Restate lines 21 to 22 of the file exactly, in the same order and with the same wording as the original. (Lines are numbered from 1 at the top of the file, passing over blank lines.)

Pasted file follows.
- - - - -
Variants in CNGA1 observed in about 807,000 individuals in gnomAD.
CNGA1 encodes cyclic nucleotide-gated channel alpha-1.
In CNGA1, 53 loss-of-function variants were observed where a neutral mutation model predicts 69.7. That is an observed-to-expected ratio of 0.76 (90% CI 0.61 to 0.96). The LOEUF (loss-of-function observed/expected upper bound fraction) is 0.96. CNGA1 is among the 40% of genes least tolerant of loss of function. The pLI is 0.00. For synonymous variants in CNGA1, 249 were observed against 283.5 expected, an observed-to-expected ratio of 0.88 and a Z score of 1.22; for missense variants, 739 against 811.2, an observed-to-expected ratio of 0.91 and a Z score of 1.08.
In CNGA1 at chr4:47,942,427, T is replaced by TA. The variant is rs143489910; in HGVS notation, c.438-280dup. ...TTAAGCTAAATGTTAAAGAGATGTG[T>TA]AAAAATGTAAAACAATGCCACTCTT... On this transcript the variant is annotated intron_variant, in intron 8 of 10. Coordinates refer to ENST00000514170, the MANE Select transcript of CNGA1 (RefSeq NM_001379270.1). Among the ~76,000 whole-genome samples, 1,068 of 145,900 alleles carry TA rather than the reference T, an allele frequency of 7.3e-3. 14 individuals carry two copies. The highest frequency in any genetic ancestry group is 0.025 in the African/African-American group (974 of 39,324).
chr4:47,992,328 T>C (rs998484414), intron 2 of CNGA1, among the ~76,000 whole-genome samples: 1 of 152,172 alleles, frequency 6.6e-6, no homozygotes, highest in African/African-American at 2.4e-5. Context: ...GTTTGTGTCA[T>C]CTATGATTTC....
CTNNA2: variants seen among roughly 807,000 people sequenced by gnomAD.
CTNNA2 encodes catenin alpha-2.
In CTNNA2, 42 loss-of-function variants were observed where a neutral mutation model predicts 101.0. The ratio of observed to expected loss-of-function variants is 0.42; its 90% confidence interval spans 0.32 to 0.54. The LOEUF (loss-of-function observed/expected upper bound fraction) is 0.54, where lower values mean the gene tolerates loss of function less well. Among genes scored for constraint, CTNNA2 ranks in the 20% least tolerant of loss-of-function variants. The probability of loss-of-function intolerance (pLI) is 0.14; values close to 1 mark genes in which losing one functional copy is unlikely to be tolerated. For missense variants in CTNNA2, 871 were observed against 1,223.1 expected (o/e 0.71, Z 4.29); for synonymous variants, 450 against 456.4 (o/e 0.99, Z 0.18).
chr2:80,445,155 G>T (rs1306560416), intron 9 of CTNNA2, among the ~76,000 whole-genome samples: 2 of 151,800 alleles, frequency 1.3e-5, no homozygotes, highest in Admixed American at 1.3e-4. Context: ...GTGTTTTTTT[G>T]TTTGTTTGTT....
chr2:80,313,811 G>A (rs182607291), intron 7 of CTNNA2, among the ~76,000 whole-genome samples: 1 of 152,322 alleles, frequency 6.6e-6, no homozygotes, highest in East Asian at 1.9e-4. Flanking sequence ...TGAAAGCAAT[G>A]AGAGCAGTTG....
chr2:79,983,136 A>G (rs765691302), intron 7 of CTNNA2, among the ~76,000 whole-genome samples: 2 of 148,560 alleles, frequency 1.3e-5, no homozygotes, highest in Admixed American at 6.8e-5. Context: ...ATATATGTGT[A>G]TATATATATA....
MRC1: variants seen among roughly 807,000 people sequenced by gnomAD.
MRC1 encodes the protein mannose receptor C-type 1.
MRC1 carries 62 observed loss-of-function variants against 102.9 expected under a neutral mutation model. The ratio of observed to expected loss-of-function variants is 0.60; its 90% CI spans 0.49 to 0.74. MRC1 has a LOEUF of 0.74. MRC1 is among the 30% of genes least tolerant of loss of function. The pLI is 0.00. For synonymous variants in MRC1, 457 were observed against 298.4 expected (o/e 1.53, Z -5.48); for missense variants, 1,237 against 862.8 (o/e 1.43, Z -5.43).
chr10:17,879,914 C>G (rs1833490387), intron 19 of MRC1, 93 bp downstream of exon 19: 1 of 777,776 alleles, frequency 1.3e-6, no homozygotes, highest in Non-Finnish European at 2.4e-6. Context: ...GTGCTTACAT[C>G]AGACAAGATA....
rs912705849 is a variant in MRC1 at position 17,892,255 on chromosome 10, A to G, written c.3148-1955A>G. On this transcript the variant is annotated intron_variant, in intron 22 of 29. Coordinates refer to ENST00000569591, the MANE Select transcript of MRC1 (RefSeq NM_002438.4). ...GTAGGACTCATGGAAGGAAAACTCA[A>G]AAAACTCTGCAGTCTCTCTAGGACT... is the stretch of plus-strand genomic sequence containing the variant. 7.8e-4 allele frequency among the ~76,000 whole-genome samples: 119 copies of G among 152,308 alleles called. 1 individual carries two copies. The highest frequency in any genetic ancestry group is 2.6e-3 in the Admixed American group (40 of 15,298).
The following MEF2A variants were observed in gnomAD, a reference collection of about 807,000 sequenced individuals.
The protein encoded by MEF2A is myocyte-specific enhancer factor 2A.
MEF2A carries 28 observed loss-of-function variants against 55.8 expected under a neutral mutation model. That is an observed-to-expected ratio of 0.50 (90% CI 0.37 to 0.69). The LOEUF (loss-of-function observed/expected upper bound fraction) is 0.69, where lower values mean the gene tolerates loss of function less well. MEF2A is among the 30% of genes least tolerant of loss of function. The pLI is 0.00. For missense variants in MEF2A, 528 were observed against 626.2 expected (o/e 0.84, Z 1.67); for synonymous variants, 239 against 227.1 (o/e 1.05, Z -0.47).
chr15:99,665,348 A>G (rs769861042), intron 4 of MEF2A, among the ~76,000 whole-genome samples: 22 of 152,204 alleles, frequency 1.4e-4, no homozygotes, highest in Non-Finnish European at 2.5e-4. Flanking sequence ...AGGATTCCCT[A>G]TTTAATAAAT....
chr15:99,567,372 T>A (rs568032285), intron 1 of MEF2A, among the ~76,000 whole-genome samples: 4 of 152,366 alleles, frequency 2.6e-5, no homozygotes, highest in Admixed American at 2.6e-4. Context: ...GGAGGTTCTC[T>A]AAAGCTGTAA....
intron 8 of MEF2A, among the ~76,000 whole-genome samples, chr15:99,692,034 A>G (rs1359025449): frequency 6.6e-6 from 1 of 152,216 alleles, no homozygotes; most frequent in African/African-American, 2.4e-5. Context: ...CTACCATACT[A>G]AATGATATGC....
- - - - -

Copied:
chr15:99,567,372 T>A (rs568032285), intron 1 of MEF2A, among the ~76,000 whole-genome samples: 4 of 152,366 alleles, frequency 2.6e-5, no homozygotes, highest in Admixed American at 2.6e-4. Context: ...GGAGGTTCTC[T>A]AAAGCTGTAA....
intron 8 of MEF2A, among the ~76,000 whole-genome samples, chr15:99,692,034 A>G (rs1359025449): frequency 6.6e-6 from 1 of 152,216 alleles, no homozygotes; most frequent in African/African-American, 2.4e-5. Context: ...CTACCATACT[A>G]AATGATATGC....